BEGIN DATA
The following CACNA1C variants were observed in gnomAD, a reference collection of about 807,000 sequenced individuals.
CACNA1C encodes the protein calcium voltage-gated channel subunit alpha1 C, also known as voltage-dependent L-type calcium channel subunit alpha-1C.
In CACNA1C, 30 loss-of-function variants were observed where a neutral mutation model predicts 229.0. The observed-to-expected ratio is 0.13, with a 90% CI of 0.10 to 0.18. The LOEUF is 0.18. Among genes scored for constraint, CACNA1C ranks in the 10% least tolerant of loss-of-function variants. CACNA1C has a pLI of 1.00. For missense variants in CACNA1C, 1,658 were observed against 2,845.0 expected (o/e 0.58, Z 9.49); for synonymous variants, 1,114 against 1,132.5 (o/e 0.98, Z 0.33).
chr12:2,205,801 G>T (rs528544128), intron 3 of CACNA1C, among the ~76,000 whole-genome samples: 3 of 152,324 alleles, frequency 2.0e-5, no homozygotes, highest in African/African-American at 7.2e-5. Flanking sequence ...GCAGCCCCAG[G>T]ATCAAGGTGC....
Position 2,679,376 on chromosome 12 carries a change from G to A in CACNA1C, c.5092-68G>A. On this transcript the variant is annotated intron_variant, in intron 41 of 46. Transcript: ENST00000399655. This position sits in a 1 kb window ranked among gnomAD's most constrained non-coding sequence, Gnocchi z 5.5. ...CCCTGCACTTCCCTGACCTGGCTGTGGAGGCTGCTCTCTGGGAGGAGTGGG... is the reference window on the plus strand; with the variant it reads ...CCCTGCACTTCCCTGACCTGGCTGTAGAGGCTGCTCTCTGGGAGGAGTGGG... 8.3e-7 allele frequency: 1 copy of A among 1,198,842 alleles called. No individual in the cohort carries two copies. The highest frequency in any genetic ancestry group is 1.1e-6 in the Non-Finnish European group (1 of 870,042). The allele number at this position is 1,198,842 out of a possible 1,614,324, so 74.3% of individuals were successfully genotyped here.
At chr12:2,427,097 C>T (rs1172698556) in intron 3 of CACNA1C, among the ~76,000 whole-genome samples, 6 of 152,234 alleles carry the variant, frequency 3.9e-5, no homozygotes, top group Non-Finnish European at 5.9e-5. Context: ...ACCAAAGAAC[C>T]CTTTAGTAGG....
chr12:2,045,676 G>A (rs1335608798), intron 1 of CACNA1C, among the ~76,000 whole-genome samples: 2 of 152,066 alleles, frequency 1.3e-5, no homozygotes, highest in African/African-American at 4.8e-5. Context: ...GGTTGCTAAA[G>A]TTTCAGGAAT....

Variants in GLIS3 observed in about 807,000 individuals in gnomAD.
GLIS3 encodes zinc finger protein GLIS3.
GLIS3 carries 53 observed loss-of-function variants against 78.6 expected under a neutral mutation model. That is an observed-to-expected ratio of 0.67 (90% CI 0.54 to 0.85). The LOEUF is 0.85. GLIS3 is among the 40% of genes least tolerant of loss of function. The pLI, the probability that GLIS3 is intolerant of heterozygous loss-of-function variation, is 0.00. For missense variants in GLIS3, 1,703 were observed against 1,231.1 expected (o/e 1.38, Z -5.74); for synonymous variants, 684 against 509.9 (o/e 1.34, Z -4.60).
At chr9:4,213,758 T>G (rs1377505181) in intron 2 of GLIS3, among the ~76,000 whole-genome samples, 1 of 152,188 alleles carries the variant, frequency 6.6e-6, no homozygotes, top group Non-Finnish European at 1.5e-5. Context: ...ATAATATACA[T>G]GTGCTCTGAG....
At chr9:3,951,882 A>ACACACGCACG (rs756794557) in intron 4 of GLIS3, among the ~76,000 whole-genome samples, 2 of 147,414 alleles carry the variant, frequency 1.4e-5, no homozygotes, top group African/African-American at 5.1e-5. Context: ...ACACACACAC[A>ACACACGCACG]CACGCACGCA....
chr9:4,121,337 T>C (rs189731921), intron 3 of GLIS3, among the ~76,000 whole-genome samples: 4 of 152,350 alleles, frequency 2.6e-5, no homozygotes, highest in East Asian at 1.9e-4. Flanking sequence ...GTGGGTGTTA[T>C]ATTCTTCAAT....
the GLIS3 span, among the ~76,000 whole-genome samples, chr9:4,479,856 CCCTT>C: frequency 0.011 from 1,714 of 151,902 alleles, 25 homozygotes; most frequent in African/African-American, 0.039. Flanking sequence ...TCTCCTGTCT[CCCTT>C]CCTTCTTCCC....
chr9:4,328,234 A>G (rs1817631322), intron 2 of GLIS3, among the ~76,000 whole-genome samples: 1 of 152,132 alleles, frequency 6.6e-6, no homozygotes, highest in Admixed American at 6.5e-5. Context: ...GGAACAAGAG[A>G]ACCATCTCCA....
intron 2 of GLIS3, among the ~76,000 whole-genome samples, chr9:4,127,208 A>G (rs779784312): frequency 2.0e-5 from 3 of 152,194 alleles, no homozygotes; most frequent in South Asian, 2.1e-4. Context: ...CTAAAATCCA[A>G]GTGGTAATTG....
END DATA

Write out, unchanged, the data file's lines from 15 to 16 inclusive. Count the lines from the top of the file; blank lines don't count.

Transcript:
chr9:4,328,234 A>G (rs1817631322), intron 2 of GLIS3, among the ~76,000 whole-genome samples: 1 of 152,132 alleles, frequency 6.6e-6, no homozygotes, highest in Admixed American at 6.5e-5. Context: ...GGAACAAGAG[A>G]ACCATCTCCA....
intron 2 of GLIS3, among the ~76,000 whole-genome samples, chr9:4,127,208 A>G (rs779784312): frequency 2.0e-5 from 3 of 152,194 alleles, no homozygotes; most frequent in South Asian, 2.1e-4. Context: ...CTAAAATCCA[A>G]GTGGTAATTG....